Oasis’ 1995 classic, Wonderwall, was another hugely popular track – streamed 16 million times last year.
There is also a trend of festive hits re-entering the Official Charts at Christmas. In 2016 perennial favourites All I Want for Christmas is You by Mariah Carey (17 million streams), Last Christmas by Wham! (13 million) and The Pogues ft. Kirsty Maccoll’s Fairytale of New York (12 million) were amongst the most-streamed songs of their respective decades.
In fact, in the last week of 2016, four of the most-streamed songs were catalogue Christmas classics – only the No.1 itself, Clean Bandit’s Rockabye, was a new release.
Film soundtracks can also reinvigorate demand for older recordings, which explains why Marvin Gaye and Tammi Terrell’s 1967 smash, Ain’t No Mountain High Enough, which featured on Guardians of the Galaxy, was the most-streamed track of the 1960s in 2016 (ten million).
Similarly, Creedence Clearwater Revival’s Fortunate Son, which appeared in Suicide Squad, was, with 4.4 million plays, the fifth-most-streamed track from 1969.
Perhaps the song that best underlines this trend is Smash Mouth by All Star. Entering the Official Charts at just No.24 when it first came out in 1999, its popularity has grown in the meantime, thanks in part to its inclusion on the original soundtrack to Shrek.
In 2016, it was one of the most-streamed tracks from the Nineties, played over 11 million times, and was one of the 300 most-streamed tracks of the year.
Most-streamed tracks and key years by decade:
Share of 2016 streams: 14 per cent
No.1 track of the decade: The Killers Mr Brightside (2003) – 26m streams
Key year: 2008 (13.3 per cent share of 2000’s streams)
Share of 2016 streams: 5.6 per cent
No.1 track of the decade: Mariah Carey All I Want for Christmas is You (1994) – 17m streams
Key year: 1999 (18.7 per cent share of 90’s streams)
Share of 2016 streams: 4.2 per cent
No.1 track of the decade: Wham! Last Christmas (1984) – 13m streams
Key year: 1987 (13.6 per cent share of 80’s streams)
Share of 2016 streams: 3.3 per cent
No.1 track of the decade: Stevie Wonder Superstition (1972) – 11m streams
Key year: 1977 (14.9 per cent share of 70’s streams)
Share of 2016 streams: two per cent
No.1 track of the decade: Marvin Gaye and Tammi Terrell Ain’t No Mountain High Enough (1967) – 10m streams
Key year: 1969 (16.4 per cent share of 60’s streams)
Share of 2016 streams: 0.2 per cent
No.1 track of the decade: Brenda Lee Rockin’ Around the Christmas Tree (1958) – n/a
Key year: 1957 (22.5 per cent share of 50’s streams)
Source: BPI Research based on Official Charts Company data
The UK continues to punch above its weight on the world stage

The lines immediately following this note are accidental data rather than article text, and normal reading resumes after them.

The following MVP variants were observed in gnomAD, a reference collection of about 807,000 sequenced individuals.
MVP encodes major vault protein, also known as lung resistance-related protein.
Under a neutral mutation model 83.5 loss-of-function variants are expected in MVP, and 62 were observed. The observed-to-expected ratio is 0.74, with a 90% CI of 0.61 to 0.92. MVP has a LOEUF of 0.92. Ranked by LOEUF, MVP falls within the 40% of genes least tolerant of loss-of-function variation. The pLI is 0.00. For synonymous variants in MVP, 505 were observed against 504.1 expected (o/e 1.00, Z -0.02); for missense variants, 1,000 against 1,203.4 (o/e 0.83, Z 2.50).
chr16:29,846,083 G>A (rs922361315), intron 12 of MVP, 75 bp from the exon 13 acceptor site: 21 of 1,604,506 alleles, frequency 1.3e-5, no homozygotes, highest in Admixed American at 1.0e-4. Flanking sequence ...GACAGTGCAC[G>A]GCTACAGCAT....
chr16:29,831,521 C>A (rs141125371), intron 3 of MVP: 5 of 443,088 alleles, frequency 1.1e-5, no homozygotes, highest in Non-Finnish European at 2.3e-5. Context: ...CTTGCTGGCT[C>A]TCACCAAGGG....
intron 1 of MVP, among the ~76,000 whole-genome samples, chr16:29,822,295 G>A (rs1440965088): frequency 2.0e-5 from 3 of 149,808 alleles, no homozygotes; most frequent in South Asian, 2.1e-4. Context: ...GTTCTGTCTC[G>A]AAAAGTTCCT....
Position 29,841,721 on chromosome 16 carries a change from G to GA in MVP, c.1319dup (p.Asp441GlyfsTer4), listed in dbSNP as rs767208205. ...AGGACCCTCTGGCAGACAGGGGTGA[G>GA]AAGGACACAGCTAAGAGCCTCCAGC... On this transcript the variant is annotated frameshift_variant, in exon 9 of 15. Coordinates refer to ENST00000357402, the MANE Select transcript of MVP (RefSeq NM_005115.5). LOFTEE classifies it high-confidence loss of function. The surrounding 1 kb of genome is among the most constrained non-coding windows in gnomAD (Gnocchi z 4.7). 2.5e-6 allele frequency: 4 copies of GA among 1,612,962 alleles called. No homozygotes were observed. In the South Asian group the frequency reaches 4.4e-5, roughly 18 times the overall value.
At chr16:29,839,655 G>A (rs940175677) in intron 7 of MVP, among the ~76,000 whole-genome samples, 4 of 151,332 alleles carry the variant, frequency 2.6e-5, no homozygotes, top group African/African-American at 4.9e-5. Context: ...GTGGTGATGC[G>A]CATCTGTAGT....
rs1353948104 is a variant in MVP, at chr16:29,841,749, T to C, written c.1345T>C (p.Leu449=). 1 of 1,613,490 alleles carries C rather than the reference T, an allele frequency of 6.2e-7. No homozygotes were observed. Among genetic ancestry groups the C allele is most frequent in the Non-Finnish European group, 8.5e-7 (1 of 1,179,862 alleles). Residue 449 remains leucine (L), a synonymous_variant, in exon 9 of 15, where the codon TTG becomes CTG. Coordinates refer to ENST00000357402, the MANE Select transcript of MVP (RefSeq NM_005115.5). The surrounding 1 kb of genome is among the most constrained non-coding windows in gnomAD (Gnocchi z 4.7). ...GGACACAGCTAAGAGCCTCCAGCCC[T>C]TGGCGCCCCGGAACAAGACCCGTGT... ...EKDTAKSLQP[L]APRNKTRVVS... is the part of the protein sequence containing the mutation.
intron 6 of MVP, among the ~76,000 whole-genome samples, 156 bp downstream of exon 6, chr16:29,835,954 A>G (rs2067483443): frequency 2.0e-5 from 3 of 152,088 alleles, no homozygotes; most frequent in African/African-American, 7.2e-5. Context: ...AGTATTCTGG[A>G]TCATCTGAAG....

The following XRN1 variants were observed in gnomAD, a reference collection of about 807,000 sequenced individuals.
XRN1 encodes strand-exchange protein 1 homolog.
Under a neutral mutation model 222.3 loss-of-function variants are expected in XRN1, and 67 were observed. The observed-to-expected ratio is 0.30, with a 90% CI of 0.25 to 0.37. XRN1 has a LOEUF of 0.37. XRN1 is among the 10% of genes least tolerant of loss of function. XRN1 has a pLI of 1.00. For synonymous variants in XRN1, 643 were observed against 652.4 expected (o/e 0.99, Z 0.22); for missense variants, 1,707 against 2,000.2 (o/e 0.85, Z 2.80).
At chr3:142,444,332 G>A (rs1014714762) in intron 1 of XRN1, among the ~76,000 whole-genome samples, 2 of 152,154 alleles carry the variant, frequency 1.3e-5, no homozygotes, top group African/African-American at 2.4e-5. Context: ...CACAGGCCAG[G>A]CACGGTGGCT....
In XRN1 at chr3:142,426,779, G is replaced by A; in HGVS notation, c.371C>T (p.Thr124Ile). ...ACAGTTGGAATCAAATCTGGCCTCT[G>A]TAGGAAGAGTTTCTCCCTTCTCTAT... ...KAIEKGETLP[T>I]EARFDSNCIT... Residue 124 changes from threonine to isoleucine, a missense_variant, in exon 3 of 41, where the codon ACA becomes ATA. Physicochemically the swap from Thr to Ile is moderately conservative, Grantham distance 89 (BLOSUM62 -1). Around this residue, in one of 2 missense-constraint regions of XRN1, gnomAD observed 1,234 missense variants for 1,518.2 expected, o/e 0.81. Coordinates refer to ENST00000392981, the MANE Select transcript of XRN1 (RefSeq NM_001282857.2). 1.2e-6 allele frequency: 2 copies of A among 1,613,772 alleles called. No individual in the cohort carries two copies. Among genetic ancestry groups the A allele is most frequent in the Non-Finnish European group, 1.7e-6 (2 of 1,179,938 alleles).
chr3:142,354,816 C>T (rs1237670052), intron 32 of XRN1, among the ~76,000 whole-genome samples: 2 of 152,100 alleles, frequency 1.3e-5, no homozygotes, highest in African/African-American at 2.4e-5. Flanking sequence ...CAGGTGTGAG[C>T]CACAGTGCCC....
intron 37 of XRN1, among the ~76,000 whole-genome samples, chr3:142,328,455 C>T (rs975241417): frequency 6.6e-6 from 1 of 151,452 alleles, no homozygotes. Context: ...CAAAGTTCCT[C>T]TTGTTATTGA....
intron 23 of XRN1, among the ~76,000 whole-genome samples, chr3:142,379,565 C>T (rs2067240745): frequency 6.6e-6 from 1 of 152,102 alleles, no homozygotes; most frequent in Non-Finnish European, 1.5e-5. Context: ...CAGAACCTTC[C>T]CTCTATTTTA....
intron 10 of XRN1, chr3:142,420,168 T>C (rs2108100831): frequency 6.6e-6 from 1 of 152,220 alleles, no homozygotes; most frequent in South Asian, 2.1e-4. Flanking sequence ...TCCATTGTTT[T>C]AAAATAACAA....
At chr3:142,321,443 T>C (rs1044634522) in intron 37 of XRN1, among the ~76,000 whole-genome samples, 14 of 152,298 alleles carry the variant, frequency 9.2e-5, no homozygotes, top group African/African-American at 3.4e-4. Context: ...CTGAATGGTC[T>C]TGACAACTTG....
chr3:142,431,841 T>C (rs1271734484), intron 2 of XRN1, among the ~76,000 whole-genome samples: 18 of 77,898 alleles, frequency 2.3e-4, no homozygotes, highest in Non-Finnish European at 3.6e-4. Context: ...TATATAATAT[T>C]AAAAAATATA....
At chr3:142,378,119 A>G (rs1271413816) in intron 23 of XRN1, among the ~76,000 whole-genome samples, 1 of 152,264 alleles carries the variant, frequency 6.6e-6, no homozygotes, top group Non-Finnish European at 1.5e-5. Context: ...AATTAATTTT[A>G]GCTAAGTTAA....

With volume consumption of recorded music in the UK rising by 1.5 per cent in 2016 and label trade revenues increasing by 5.1 per cent – falling not far short of the billion pound mark (£926m) – the UK consolidated its position as the world’s third largest recorded music market, behind the US and Japan.
British artists continued to dominate at home – responsible for seven of the year’s top ten best-selling albums, topped by Adele’s 25 from 2015 – whilst on the international stage they claimed one in every eight albums sold around the world.
This is equivalent to a 12.5 per cent broadly in line with the global average for the past decade.
UK acts bagged four of the world’s top ten albums last year behind Beyoncé’s Lemonade at No.1, including Adele’s 25 at No.2 and David Bowie’s Blackstar at No.5.
IFPI figures additionally show that Bowie was also the second most popular global recording artist of 2016 overall (behind Drake) when consumption of all repertoire is taken into account, with Coldplay at No.3 and Adele at No.4.
All About The Music 2017 is out now.
It is free to BPI members but can be purchased, in either hard copy or digital formats, from the BPI’s webstore: http://tinyurl.com/AATM2017
+44 (0)20 7803 1326 / +44 (0)7801 194 139
Notes for editors:
Album Equivalent Sales (AES) is a standard music industry metric that enables sales and streaming formats to be measured on a comparable basis so that total music consumption can effectively be gauged and reported.
The analysis for this report/release converts all streams and sales data to ‘Album Equivalent Sales’ (AES).
Physical album and digital album sales data have been included as per the Official Charts Company database, but the cumulative total for individual track sales has been divided by ten (to provide a ‘Track Equivalent Album ‘(TEA) figure) while the audio streaming total has been divided by 1,000 (as 100 streams=one track sale and ten track sales=one album) to provide a Stream Equivalent Albums (SEA) figure.
About the BPI (British Phonographic Industry) Promoting British Music
The BPI is the record labels’ association that promotes British music and champions the UK’s recorded music sector. Its membership is made up of around 400 independent labels and the UK’s three ‘major’ companies, which collectively account for around 80 per cent of domestic music consumption and one in eight artist albums sold worldwide.
The BPI certifies the Platinum, Gold and Silver Awards Programme, co-owns the Official Charts, organises The BRIT Awards – which has raised more than £16.8m for music education and wellbeing charities, including the BRIT School – and is home to the Mercury Prize.